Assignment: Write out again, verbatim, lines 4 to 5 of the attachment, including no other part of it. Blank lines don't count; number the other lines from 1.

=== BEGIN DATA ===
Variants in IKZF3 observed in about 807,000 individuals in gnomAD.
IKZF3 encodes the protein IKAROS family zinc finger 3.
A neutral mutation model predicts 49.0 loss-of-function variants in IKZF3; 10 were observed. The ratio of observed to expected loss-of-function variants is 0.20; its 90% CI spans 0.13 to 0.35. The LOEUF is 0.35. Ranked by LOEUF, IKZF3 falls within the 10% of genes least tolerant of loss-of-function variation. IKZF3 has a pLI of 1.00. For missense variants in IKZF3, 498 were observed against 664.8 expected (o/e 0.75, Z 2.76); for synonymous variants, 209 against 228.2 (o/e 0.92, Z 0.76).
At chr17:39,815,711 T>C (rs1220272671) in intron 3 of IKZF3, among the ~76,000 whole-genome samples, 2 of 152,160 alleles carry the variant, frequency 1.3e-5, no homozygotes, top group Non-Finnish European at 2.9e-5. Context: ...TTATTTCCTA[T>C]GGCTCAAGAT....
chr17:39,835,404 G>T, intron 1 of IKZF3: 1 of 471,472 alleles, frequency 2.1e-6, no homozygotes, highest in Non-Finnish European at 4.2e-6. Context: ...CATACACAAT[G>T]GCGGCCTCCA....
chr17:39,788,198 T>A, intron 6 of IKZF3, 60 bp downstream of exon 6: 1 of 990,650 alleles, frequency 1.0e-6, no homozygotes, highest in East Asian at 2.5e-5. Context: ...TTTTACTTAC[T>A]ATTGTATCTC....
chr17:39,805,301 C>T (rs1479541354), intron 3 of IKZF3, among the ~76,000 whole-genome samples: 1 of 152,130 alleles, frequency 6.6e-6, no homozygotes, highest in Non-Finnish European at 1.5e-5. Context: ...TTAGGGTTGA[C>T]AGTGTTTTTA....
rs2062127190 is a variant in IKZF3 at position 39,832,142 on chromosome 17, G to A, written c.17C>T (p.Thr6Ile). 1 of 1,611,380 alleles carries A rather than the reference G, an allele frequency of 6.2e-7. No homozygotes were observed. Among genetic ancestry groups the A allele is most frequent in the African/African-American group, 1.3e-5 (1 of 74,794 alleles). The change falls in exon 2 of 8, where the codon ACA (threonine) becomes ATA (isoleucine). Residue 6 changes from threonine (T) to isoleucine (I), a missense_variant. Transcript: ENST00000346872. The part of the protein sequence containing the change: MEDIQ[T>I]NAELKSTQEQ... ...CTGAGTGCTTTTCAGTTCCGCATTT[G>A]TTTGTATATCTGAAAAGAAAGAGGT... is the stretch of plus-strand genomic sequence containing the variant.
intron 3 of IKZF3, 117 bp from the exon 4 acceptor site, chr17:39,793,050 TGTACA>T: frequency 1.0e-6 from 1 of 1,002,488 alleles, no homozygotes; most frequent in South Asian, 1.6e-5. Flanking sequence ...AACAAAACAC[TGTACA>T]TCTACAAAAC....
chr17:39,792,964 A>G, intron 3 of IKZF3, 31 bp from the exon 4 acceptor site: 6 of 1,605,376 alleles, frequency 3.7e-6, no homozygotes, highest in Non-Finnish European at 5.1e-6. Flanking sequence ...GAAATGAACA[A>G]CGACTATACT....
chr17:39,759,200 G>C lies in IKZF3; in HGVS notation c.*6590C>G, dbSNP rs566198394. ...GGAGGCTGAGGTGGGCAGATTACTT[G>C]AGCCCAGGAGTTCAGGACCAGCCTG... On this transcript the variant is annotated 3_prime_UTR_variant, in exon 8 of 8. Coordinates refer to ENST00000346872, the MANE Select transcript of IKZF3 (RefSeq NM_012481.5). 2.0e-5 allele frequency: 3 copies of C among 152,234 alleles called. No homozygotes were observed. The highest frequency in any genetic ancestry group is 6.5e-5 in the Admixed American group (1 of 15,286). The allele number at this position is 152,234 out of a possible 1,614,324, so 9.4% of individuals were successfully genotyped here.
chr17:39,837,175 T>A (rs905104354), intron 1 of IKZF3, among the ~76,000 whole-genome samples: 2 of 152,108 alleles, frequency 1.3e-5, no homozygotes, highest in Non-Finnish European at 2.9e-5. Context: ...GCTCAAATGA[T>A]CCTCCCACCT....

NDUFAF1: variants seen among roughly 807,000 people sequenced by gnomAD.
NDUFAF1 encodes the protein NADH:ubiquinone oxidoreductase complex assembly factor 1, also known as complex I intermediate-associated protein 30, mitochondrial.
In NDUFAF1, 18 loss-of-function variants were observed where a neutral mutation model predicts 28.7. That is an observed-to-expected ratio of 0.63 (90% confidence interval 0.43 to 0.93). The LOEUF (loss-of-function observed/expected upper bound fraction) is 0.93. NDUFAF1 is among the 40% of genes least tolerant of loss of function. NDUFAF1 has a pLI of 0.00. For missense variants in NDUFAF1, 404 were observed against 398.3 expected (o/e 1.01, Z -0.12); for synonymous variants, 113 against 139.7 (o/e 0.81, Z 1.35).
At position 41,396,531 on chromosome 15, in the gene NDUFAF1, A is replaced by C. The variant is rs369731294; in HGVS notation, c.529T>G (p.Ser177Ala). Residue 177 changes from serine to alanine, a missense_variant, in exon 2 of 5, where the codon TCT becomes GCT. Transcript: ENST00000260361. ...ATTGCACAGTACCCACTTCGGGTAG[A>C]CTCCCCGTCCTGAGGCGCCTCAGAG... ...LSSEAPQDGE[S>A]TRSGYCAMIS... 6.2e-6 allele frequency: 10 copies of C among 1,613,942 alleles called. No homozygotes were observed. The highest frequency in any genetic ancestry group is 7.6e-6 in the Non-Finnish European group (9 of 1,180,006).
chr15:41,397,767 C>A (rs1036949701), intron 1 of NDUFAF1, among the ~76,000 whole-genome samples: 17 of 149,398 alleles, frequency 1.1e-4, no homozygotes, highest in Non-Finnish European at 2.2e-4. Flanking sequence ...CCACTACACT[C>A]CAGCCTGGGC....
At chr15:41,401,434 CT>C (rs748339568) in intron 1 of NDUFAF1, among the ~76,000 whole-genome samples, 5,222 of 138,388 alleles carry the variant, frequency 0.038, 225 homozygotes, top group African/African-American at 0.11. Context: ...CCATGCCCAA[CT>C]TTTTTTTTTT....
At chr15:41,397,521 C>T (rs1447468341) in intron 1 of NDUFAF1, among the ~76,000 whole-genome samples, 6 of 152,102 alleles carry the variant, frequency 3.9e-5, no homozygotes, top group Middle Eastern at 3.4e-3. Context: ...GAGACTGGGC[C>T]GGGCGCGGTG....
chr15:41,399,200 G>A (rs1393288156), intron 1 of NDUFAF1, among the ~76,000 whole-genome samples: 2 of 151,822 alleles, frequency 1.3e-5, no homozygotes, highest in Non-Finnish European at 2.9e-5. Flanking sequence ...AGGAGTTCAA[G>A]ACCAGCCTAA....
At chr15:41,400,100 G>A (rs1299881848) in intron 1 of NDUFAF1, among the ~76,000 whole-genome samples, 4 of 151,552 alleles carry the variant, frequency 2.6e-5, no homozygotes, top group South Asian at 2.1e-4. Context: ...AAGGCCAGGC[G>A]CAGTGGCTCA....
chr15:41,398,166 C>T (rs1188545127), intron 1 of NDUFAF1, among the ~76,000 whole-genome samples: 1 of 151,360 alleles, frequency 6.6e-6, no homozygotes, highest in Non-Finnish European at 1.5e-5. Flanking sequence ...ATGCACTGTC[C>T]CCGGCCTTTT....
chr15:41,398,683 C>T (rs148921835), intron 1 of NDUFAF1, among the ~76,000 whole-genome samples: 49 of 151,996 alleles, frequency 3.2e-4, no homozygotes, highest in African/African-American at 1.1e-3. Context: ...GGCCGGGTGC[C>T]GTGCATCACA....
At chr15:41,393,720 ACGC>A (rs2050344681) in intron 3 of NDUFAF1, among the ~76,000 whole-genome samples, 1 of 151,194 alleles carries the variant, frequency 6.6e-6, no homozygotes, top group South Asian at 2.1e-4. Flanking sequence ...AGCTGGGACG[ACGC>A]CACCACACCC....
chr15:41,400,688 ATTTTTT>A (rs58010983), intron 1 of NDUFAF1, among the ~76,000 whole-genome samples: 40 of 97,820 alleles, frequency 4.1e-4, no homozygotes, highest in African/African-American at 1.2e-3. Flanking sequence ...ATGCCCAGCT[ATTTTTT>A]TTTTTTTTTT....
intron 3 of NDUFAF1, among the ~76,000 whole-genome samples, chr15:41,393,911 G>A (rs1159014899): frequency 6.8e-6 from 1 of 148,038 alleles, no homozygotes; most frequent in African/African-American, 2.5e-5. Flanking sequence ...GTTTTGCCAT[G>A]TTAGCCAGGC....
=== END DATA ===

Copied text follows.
At chr17:39,815,711 T>C (rs1220272671) in intron 3 of IKZF3, among the ~76,000 whole-genome samples, 2 of 152,160 alleles carry the variant, frequency 1.3e-5, no homozygotes, top group Non-Finnish European at 2.9e-5. Context: ...TTATTTCCTA[T>C]GGCTCAAGAT....
chr17:39,835,404 G>T, intron 1 of IKZF3: 1 of 471,472 alleles, frequency 2.1e-6, no homozygotes, highest in Non-Finnish European at 4.2e-6. Context: ...CATACACAAT[G>T]GCGGCCTCCA....